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Cardiff University historian contributes to new Second World War Museum in Paris

20 August 2019

Museum of the Liberation of Paris – General Leclerc Museum – Jean Moulin Museum

The people who fought for the Liberation of Paris during the Second World War will be remembered at a major new museum.

Professor Hanna Diamond of Cardiff University has been historical advisor at the revamped Museum of the Liberation of Paris – General Leclerc Museum – Jean Moulin Museum, which opens on August 25 in the French capital. The date marks 75 years since the historic day when Nazi troops surrendered the city.

The only British historian to be brought on to the museum’s Conseil Scientifique, an advisory board of eminent historians, curators and archivists, Professor Diamond’s research focuses on the ways French men and women experienced the Second World War. Personal testimony, both oral and written, is key to her work and she is currently publishing on the ways in which its use informs public understandings of the past.

Focusing on Second World War heroes Philippe de Hauteclocque and Jean Moulin, as well as other key individuals, the museum’s newly renovated home is the eighteenth-century Ledoux pavilions at Place Denfert-Rochereau, above the former headquarters of the Parisian Resistance. More than 300 objects, original documents and photographs, as well as archival videos from eyewitnesses, will retrace key events around this period. Visitors will also get the chance to tour the key command post of the French Resistance located 100 steps beneath the building, which has been faithfully and accurately restored.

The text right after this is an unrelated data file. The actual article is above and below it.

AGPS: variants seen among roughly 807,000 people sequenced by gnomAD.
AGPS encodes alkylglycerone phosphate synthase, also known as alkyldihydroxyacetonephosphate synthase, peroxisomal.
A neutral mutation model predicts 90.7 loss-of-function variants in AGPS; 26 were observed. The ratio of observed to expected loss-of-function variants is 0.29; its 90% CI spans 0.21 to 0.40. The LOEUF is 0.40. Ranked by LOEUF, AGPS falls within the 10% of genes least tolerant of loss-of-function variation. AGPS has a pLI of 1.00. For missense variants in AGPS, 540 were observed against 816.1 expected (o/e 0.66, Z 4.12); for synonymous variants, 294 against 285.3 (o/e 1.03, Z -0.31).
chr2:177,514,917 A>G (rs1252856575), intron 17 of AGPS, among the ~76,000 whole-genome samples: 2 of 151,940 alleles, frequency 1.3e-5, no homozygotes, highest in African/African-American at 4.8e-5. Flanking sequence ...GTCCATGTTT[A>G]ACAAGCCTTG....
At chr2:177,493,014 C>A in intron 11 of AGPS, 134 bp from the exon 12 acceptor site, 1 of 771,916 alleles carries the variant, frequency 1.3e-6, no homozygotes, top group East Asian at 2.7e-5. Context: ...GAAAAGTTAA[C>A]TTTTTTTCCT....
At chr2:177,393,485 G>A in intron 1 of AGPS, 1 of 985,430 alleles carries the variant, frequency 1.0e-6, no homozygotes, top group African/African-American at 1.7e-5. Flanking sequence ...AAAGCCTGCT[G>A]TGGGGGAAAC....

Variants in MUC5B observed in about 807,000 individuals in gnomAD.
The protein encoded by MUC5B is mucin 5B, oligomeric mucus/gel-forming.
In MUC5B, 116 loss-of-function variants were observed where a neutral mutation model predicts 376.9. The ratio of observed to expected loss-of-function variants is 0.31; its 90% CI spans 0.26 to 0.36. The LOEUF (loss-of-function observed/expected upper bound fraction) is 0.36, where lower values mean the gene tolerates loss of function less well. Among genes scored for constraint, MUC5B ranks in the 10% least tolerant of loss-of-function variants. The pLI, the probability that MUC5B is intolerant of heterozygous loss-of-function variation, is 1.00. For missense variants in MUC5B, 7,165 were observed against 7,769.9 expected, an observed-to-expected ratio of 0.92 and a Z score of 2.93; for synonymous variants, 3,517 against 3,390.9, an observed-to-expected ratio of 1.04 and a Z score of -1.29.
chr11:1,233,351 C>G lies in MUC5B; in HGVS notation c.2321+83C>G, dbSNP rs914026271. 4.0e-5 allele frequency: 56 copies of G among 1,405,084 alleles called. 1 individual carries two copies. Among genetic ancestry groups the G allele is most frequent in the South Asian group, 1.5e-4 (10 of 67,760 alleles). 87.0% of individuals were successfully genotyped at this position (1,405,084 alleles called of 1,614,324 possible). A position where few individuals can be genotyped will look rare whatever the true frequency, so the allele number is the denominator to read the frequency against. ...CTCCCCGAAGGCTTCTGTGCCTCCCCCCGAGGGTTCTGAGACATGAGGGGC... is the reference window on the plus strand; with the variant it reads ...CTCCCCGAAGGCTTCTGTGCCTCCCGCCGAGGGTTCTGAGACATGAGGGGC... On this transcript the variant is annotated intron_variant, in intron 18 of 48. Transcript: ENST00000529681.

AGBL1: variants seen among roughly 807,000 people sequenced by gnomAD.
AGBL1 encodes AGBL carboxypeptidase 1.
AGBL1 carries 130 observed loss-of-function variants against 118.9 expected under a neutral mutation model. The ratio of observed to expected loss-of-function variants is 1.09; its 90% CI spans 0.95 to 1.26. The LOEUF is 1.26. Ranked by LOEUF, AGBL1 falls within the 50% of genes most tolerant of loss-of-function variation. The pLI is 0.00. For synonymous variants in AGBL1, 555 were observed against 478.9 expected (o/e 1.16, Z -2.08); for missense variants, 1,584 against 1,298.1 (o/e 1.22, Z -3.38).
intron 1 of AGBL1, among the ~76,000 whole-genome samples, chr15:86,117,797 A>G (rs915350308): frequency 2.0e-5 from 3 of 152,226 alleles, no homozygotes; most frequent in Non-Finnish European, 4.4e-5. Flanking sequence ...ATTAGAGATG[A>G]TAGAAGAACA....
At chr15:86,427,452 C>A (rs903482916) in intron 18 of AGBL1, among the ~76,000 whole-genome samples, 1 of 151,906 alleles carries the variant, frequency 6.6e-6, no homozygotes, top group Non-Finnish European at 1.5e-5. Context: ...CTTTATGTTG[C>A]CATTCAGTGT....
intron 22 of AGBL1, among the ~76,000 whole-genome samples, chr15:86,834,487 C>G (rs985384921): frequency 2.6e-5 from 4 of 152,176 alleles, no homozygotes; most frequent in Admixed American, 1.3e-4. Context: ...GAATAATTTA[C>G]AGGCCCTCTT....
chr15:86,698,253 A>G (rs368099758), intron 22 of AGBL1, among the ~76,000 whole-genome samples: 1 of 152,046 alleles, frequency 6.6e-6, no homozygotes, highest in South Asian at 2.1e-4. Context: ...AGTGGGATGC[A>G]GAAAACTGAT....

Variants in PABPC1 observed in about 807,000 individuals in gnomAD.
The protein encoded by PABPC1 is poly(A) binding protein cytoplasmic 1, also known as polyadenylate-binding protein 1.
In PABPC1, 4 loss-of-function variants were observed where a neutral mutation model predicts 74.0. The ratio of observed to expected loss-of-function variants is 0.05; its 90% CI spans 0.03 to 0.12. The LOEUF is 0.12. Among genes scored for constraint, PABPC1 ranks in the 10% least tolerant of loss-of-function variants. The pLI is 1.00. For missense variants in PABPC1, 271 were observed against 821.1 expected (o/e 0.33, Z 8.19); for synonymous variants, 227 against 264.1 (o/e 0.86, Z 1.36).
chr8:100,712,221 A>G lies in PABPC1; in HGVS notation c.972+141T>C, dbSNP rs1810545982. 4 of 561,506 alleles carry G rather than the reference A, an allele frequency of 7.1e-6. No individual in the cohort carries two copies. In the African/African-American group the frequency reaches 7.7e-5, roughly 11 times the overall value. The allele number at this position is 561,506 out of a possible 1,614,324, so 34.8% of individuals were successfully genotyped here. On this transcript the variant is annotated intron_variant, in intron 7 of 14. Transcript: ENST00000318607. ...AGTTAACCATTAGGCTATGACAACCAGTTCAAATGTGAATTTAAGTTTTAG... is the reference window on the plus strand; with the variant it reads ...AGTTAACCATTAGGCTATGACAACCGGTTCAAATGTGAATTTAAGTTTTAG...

Based in the University's School of Modern Languages, Professor Diamond said: “It has been a great privilege to work with the Museum of the Liberation of Paris – General Leclerc Museum – Jean Moulin Museum on this important project. The historical significance of this period cannot be overstated. The day that marked the end of the Occupation in France was only part of the story; this museum brings to light the experiences of the people who made it possible and their contribution to the events that helped shape the country that we know today.

“Visitors from the UK and further afield will also gain a great deal from the stories that are told here, learning about how these significant personalities and others in the French Resistance acted to secure victory. As we reach the 75th anniversary, it is fitting that the fascinating stories from this time are captured and preserved for future generations.”

Philippe de Hauteclocque, later known as General Leclerc, was a French general who led the French Second Armoured Division during the Liberation of Paris.

Jean Moulin was a hero of the French Resistance who was smuggled out of France to London to meet Charles de Gaulle, leader of the “Free French”. In January 1942, he was parachuted back into France, to unite the disparate Resistance groups to create an organised Movement, which later helped defeat German forces.

Dr Sylvie Zaidman, Museum Director said: “We invited Hanna Diamond to join the museum’s Advisory Board because of her expertise on the Second World War. Her contribution to the permanent exhibition relating to the exodus of civilians in May/June 1940 was so productive that we decided to organise a dedicated exhibition on the topic."

Professor Diamond will be working with Dr Zaidman to co-curate the museum’s first exhibition to run from February next year, which deals with the exodus and the impact of the defeat on Paris.

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